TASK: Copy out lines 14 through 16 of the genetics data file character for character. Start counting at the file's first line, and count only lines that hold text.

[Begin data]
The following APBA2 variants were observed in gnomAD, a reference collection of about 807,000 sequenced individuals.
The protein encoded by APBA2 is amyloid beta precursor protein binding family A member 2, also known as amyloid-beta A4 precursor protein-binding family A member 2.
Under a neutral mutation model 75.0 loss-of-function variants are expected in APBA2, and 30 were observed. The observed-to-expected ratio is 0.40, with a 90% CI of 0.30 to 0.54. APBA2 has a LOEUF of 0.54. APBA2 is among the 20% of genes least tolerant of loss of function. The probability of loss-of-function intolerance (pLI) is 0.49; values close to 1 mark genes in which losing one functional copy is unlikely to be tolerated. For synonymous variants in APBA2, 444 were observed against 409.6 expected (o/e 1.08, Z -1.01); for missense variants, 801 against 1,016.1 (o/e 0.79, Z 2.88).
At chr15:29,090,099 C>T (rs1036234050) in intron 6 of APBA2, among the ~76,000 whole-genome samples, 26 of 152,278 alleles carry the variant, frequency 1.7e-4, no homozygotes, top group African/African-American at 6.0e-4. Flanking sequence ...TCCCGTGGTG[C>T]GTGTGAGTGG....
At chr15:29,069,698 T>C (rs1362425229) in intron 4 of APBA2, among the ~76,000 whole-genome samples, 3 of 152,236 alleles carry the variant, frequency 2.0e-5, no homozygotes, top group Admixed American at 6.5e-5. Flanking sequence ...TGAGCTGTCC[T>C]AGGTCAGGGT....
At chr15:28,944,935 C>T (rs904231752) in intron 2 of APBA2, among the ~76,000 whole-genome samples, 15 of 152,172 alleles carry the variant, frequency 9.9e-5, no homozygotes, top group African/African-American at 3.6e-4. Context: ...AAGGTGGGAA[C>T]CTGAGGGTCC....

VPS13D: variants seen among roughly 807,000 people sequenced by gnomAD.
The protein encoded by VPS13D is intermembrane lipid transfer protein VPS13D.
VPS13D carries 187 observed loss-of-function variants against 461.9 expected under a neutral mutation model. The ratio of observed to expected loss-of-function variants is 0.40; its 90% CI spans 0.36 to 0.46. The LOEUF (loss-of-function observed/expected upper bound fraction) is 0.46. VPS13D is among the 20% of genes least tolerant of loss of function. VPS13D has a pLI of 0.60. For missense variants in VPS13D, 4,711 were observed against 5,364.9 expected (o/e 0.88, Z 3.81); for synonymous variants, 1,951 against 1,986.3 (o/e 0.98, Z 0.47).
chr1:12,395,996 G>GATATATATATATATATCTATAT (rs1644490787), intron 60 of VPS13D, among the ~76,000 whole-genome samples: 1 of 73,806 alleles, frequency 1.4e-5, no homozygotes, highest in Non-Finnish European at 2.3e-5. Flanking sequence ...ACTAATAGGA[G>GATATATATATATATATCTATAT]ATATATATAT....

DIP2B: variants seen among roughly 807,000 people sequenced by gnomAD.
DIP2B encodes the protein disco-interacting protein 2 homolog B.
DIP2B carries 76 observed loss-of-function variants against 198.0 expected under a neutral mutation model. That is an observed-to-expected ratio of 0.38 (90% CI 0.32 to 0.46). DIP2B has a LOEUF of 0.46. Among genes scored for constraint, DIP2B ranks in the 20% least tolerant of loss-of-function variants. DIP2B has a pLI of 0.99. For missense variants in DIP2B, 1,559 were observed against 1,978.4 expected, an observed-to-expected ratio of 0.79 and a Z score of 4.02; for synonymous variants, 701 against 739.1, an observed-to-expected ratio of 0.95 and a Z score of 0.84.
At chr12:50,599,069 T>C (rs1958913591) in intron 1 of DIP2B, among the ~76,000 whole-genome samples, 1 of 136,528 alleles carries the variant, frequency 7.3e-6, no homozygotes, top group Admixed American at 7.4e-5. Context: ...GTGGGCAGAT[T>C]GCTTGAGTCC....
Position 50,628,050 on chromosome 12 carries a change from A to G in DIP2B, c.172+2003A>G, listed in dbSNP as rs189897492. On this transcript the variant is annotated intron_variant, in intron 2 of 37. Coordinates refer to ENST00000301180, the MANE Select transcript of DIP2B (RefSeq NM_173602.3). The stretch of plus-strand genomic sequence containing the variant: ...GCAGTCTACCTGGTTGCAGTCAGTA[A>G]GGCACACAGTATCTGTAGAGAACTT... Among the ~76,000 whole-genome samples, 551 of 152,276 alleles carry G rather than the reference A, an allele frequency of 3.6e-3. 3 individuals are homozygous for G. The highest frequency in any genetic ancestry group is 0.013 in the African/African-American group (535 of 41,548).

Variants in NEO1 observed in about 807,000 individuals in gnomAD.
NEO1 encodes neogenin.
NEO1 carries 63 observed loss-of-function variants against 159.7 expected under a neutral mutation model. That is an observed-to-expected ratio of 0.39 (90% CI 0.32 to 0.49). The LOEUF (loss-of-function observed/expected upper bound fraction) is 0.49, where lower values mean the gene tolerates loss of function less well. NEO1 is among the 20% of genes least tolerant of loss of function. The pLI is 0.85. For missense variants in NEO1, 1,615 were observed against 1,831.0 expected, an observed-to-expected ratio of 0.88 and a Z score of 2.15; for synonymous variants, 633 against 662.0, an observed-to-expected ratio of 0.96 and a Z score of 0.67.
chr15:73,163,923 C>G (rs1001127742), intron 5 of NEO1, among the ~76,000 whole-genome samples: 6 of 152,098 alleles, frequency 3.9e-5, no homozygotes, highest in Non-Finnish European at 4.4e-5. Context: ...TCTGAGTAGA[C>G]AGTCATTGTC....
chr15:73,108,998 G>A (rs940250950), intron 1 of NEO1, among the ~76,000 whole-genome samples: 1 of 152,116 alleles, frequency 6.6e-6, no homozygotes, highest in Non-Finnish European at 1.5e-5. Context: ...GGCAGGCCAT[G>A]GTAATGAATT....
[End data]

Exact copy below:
At chr12:50,599,069 T>C (rs1958913591) in intron 1 of DIP2B, among the ~76,000 whole-genome samples, 1 of 136,528 alleles carries the variant, frequency 7.3e-6, no homozygotes, top group Admixed American at 7.4e-5. Context: ...GTGGGCAGAT[T>C]GCTTGAGTCC....
Position 50,628,050 on chromosome 12 carries a change from A to G in DIP2B, c.172+2003A>G, listed in dbSNP as rs189897492. On this transcript the variant is annotated intron_variant, in intron 2 of 37. Coordinates refer to ENST00000301180, the MANE Select transcript of DIP2B (RefSeq NM_173602.3). The stretch of plus-strand genomic sequence containing the variant: ...GCAGTCTACCTGGTTGCAGTCAGTA[A>G]GGCACACAGTATCTGTAGAGAACTT... Among the ~76,000 whole-genome samples, 551 of 152,276 alleles carry G rather than the reference A, an allele frequency of 3.6e-3. 3 individuals are homozygous for G. The highest frequency in any genetic ancestry group is 0.013 in the African/African-American group (535 of 41,548).

Variants in NEO1 observed in about 807,000 individuals in gnomAD.